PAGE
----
The nifty twists and lovely footage are undermined by the poor way women appear in the film.
MartinHafer26 February 2013
Warning: Spoilers
"Sanders" is a remake, of sorts, of the 1935 film "Sanders of the River". However, the plot has been changed so much that it's difficult, at times, to see it's a remake. And, in some cases, entire characters have been written in or out of the remake.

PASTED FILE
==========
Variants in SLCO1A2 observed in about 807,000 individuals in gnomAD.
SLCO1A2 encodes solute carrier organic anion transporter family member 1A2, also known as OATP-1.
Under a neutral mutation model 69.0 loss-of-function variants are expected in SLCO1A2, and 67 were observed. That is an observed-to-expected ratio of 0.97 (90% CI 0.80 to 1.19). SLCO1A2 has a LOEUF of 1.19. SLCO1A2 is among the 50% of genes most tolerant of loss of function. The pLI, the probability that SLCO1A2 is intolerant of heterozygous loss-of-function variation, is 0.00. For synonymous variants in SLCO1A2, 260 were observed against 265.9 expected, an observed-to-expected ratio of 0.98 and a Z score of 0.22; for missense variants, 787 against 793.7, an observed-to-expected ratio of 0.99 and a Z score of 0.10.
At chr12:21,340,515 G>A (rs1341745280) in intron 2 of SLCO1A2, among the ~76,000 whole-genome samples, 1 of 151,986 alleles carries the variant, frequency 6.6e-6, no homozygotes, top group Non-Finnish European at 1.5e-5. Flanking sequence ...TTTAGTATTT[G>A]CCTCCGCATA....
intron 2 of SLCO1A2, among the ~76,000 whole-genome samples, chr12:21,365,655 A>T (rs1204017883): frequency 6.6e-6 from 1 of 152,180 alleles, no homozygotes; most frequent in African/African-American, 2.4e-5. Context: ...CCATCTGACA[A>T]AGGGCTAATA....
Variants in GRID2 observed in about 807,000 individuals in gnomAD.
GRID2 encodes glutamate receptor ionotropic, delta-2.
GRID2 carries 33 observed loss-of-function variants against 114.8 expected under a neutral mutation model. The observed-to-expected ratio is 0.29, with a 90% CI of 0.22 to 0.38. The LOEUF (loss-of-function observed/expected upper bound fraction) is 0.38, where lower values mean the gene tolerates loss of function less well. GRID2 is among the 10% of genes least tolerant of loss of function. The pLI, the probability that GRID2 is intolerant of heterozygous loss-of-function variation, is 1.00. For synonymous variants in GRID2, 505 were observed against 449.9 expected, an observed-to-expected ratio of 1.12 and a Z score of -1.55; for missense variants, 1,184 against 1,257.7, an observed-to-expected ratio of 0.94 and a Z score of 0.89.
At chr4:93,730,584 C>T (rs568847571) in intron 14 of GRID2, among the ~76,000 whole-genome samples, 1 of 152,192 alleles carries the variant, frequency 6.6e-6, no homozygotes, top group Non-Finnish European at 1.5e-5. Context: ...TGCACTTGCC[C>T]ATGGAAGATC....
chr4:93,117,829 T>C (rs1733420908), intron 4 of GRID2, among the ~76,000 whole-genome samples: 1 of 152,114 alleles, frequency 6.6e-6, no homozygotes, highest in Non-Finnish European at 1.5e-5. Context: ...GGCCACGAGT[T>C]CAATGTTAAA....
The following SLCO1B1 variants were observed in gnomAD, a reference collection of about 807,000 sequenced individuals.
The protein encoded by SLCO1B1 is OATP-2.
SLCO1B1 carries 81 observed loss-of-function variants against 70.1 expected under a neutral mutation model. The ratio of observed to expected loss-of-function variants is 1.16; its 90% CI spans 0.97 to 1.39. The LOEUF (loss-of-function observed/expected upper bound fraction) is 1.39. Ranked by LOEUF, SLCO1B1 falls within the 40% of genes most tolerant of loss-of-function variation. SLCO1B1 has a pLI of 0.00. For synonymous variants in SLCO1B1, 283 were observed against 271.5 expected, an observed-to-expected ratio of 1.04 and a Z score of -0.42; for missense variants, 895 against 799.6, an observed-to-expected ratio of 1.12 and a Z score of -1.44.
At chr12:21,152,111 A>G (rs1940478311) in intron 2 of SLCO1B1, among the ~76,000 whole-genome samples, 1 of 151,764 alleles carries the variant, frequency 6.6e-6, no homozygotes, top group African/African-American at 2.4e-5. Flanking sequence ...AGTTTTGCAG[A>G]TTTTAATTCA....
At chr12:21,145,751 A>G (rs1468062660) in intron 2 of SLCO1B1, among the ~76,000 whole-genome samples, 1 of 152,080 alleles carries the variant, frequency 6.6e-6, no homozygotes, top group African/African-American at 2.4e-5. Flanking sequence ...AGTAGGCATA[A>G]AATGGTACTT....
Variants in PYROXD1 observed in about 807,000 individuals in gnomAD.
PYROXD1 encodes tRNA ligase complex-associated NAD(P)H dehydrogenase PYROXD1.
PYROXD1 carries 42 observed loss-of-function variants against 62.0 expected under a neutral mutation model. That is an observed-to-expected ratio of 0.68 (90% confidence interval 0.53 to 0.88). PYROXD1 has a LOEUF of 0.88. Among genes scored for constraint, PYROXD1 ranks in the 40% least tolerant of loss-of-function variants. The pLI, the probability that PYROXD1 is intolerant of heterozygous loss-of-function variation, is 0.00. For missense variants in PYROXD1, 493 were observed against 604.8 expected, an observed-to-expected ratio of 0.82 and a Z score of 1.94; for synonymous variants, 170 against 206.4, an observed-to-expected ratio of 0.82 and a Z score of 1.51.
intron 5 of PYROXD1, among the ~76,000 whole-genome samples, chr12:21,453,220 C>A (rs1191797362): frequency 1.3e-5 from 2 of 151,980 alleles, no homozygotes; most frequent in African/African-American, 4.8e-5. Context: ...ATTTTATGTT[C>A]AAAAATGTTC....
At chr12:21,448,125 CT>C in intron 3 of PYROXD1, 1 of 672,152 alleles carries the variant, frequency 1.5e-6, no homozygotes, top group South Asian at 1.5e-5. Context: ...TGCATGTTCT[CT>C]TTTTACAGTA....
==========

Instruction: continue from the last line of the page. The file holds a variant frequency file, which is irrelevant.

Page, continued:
The film stars Richard Todd as the title character--a smarty-pants police inspector working in a British colony in West Africa in the waning days of the Empire. He's a determined man and is out to get to the heart of why one of his men was killed. Interestingly, the path takes him to not only a fake funeral but when he finds the guilty man, someone shoots him to keep some secret. But what? Why the two murders and how are they connected? "Sanders" is a rather handsome film. While it was filmed in South Africa (4000 miles away from West Africa), the color cinematography is very nice and I am happy they limited the use of stock footage (which usually is grainy and ill-fitting). As for the plot, it's not bad but the film doesn't use women well. One, Marianne Koch, plays a doctor and practically everyone ogles her and makes sexist remarks about their surprise about her being a 'pretty lady doctor'. The other, Vivi Bach, is a far from stellar actress whose only qualifications, it seems, are her looks. One reviewer went so far as to say she was the worst actress in history. While I wouldn't go that far, I would say she's well in the running--with an inability to deliver lines or show proper emotion (watch her when she bites her hand to show fear or stares off into space as if trying to remember her lines!). With Koch's role re-written a bit (without the sexist stuff) and ANYONE else to play Bach's part (even a talented chimp might do) would improve the film. Overall, not a bad movie--a minor time-passer but not much more.